Property website defends online advertising

By Hana Garrett-Walker

File photo / Herald on Sunday
File photo / Herald on Sunday

One of the country's largest online property websites says it is confused by comments that online property advertising is not as successful as in print, because their figures don't back that up.

Harcourts chief executive Hayden Duncan this week told National Business Review that listing properties online was not as successful as advertising in traditional print mediums.

Print had found a niche by providing exposure at a certain "price point" without the same level of competition as online, he said.

But realestate.co.nz chief executive Alistair Helm said he was "totally confused" by those comments.

"I was very surprised, we've always believed that there's a complimentary role for print in addition to online, and never said print is dead, it's certainly becoming less relevant, but it's certainly not dead, and the data proves that."

Their figures showed over 80 per cent of people looking for a house in the past week used an online specialist website to search for a property, whereas about 45 per cent used a specialist print magazine. Five years ago this figure was up at 60 per cent, Mr Helm said.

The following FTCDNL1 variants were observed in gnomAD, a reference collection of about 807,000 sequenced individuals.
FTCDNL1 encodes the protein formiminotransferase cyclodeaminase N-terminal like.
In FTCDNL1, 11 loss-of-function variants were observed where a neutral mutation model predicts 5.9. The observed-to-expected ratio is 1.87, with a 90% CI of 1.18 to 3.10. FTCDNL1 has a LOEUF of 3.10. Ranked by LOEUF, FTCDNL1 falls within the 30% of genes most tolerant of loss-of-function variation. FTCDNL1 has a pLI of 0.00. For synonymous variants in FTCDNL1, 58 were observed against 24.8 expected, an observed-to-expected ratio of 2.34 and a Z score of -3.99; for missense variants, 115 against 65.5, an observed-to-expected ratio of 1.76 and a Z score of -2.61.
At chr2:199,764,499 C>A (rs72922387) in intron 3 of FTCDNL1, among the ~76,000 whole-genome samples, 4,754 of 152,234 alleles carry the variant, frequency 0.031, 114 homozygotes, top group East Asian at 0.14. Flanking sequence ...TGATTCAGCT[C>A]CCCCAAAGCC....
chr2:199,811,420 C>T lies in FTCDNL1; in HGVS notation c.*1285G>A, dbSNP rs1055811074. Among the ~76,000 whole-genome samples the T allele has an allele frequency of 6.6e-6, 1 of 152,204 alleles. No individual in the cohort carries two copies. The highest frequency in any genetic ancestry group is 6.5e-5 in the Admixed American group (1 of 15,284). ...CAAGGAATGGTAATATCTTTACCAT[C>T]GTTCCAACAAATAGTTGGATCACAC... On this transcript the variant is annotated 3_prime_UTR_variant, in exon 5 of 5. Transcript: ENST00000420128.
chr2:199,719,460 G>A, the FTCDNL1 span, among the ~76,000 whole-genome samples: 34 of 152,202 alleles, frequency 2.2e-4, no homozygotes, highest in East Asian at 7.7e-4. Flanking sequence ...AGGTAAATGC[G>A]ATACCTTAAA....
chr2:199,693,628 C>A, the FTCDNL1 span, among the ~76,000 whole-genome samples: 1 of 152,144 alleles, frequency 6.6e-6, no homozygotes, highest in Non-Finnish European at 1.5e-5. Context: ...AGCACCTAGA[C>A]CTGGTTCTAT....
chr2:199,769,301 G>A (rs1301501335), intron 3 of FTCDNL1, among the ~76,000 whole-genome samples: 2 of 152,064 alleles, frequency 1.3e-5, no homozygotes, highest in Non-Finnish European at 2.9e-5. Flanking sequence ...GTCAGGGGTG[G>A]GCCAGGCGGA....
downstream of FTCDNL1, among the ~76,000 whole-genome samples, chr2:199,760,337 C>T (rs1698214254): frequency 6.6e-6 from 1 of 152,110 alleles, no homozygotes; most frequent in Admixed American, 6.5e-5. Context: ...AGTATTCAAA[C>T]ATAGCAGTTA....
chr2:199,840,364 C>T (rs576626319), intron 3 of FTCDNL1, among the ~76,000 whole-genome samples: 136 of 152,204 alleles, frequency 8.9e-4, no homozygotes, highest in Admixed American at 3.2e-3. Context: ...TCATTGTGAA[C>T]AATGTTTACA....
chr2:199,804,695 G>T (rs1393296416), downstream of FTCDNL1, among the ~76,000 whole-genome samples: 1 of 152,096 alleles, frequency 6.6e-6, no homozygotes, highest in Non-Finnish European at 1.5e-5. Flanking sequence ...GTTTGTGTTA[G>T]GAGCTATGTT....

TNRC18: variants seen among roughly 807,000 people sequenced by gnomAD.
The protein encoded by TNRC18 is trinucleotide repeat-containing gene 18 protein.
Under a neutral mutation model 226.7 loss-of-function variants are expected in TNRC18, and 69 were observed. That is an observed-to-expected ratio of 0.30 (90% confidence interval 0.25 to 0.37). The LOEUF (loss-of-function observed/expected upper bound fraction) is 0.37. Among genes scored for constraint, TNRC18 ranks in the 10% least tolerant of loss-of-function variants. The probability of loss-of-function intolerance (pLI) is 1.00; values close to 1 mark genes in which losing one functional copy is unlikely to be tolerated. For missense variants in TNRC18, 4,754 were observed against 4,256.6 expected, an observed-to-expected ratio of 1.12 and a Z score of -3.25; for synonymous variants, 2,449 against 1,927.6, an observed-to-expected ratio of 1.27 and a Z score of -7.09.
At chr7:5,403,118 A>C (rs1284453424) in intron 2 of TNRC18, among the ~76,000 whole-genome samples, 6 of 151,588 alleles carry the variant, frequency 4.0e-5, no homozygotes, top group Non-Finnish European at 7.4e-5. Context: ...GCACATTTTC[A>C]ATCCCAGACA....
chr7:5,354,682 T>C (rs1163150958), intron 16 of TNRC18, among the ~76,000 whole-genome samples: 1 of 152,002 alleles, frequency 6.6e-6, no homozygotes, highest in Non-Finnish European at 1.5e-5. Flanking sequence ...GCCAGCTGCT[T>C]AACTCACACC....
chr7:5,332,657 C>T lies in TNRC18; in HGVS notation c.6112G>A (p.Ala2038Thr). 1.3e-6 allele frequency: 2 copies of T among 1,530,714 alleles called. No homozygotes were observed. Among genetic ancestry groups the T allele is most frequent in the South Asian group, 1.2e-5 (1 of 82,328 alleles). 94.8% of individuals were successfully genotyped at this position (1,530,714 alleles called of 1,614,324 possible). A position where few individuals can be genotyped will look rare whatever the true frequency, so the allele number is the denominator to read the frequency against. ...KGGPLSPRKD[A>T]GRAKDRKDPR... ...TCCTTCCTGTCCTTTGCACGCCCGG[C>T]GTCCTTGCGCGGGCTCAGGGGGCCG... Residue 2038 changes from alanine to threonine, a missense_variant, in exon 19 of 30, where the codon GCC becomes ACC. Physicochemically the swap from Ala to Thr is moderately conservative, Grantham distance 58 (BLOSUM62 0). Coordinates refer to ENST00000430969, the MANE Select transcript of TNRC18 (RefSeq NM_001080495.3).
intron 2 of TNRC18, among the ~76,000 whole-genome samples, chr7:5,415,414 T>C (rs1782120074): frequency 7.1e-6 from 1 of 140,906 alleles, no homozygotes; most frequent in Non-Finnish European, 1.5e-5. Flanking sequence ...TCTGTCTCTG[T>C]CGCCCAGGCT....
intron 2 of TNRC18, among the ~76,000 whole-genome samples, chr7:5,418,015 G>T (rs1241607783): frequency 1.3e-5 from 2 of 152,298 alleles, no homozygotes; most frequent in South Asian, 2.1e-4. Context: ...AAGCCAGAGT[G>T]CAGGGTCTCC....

Trade Me and realestate.co.nz are the two major property listing websites in New Zealand.

The trend showed that online numbers were increasing and print numbers were decreasing, Mr Helm said.

"The industry's telling us it's so much more important to be conscious of what you advertise online and how you advertise it and also how you promote it."

All properties for sale in the country were now advertised online, but not all properties were advertised in print, he said.

But PropertyPress general manager Pat Houlihan said advertising property in print was "absolutely" still strong.

He was not surprised by Mr Duncan's comments and said within the past four months the company had produced the largest Central PropertyPress ever.

"It's scarcely a sign of the disappearing print medium."

He was not seeing a decline in the number of people using PropertyPress, but added he could not look to the future and predict what will happen.

"We don't know until the deadline how much our volume is going to be, so I don't know what the volume will be or how many ads there will be in three months time. No one does. We just find out on the week what the activity is."

PropertyPress was living proof that advertising in traditional print mediums was successful, he said.

- APNZ

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